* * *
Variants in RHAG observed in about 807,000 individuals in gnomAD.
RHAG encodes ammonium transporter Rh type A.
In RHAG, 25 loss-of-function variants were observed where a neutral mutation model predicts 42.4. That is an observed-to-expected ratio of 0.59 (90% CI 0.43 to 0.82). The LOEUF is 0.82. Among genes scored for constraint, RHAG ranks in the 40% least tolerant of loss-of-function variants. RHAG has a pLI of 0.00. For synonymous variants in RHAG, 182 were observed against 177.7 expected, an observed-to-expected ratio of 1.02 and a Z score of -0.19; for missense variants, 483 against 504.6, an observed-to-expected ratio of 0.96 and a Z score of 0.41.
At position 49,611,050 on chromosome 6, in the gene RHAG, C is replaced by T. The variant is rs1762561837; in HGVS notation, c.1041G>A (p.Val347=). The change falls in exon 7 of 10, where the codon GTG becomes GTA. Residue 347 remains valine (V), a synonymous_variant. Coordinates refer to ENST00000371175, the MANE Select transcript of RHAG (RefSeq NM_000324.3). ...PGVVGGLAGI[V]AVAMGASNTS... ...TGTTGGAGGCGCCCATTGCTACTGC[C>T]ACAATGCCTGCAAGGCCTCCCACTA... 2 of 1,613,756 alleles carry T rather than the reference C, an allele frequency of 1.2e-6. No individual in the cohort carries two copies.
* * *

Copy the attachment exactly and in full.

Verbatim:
Variants in RHAG observed in about 807,000 individuals in gnomAD.
RHAG encodes ammonium transporter Rh type A.
In RHAG, 25 loss-of-function variants were observed where a neutral mutation model predicts 42.4. That is an observed-to-expected ratio of 0.59 (90% CI 0.43 to 0.82). The LOEUF is 0.82. Among genes scored for constraint, RHAG ranks in the 40% least tolerant of loss-of-function variants. RHAG has a pLI of 0.00. For synonymous variants in RHAG, 182 were observed against 177.7 expected, an observed-to-expected ratio of 1.02 and a Z score of -0.19; for missense variants, 483 against 504.6, an observed-to-expected ratio of 0.96 and a Z score of 0.41.
At position 49,611,050 on chromosome 6, in the gene RHAG, C is replaced by T. The variant is rs1762561837; in HGVS notation, c.1041G>A (p.Val347=). The change falls in exon 7 of 10, where the codon GTG becomes GTA. Residue 347 remains valine (V), a synonymous_variant. Coordinates refer to ENST00000371175, the MANE Select transcript of RHAG (RefSeq NM_000324.3). ...PGVVGGLAGI[V]AVAMGASNTS... ...TGTTGGAGGCGCCCATTGCTACTGC[C>T]ACAATGCCTGCAAGGCCTCCCACTA... 2 of 1,613,756 alleles carry T rather than the reference C, an allele frequency of 1.2e-6. No individual in the cohort carries two copies.